And I lick where they’re appalled to think
And I thank the Lord He made me a cat
With such beautiful fur they can brush
SCOURGE OF SUMMER
Oh, scourge of summer, plague
who let that mosquito in?
Close the door
invite no more!
Scourge of summer, plague of
stay out, you and your buzzin' kin.
Away from my head, away from
please, oh, please go away from here.
Scourge of summer, plague of
I'll gladly end your summer din.
I'll grab the spray, I'll use
I'll soon repel you and your mob.
Scourge of summer, plague of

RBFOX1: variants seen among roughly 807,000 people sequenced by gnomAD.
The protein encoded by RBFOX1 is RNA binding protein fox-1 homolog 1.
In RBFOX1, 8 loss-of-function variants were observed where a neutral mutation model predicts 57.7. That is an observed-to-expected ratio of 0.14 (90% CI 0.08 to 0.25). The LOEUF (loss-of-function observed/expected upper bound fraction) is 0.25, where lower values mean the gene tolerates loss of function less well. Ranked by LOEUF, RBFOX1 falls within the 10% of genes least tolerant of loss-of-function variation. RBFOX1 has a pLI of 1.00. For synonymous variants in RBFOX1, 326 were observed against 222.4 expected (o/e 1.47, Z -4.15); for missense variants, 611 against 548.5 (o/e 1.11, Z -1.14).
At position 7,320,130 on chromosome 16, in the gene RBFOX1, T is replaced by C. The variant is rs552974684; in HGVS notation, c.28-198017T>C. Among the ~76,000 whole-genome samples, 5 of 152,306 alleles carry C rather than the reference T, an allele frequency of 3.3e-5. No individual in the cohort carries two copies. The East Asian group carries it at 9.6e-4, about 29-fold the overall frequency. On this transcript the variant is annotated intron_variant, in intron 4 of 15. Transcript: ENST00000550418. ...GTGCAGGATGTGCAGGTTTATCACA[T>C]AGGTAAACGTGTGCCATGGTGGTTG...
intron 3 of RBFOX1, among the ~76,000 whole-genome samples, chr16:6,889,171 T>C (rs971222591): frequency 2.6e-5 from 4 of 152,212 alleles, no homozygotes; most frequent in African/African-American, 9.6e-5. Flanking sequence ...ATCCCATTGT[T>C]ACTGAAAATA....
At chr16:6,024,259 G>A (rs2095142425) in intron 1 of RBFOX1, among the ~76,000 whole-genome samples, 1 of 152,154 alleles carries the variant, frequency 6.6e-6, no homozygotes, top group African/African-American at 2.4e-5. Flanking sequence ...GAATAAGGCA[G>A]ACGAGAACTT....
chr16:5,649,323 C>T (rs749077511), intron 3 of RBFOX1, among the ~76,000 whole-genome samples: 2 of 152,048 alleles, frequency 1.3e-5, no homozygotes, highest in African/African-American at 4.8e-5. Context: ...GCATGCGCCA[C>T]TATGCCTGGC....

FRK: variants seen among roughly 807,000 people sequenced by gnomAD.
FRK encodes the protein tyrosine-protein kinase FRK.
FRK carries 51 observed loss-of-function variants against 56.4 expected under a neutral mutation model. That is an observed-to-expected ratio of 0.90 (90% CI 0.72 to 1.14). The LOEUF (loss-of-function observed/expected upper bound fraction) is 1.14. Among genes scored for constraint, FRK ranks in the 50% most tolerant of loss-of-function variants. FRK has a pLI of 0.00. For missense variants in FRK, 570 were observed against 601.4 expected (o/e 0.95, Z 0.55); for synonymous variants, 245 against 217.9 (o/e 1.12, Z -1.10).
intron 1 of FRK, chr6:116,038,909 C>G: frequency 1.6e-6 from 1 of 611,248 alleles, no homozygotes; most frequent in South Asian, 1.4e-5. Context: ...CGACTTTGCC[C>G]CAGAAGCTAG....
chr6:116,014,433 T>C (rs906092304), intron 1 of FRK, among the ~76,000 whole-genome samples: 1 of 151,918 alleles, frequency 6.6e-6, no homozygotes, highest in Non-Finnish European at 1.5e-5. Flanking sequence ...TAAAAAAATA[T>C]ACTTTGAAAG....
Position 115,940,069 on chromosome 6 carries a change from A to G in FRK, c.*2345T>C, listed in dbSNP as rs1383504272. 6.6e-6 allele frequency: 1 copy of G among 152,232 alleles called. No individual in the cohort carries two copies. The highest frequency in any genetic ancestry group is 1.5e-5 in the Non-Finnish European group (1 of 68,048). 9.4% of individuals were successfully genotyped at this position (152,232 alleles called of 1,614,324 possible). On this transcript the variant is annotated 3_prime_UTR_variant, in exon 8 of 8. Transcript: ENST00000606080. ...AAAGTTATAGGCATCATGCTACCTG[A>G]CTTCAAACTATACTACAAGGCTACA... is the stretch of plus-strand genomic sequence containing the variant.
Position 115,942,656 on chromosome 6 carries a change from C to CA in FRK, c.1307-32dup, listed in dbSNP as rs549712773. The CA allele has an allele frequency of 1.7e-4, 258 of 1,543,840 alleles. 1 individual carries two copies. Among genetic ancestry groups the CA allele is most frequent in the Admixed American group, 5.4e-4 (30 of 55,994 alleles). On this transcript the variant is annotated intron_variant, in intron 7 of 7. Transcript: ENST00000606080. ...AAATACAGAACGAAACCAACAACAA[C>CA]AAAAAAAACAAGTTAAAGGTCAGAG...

I cannot, will not let you win.
I'll reach and bend, swish
to gladly give you all I've got.
Scourge of summer, plague of
Swish, smack, splat. Goodbye, I win!
100-year old “blanket” a quilt
time consuming a labor of love
outgrown clothing scraps
cut into pattern
for warmth for useful
MY BODY WHICH WAS BROKEN
A thousand Stations
of the Cross
are on the ground
the fragile shroud of purest white
covers the green
the bloody edges fade, decay
or drift away
This brightest blizzard’s
all too brief
a solemn beauty, burst of joy
When dogwood petals come, then fall
I think of Thee.
I tossed last night. I couldn't sleep
when roused by dreams from recess deep.
I shivered in the room dim-lit
by lunar glow, where sorrows steep.
Through prayer and curse, guilt wouldn't quit.
It looped around inside my head,
foul vulture tracking dying prey,
awaiting signs that hope was dead.
(Damned sharp-beaked thing won't fly away.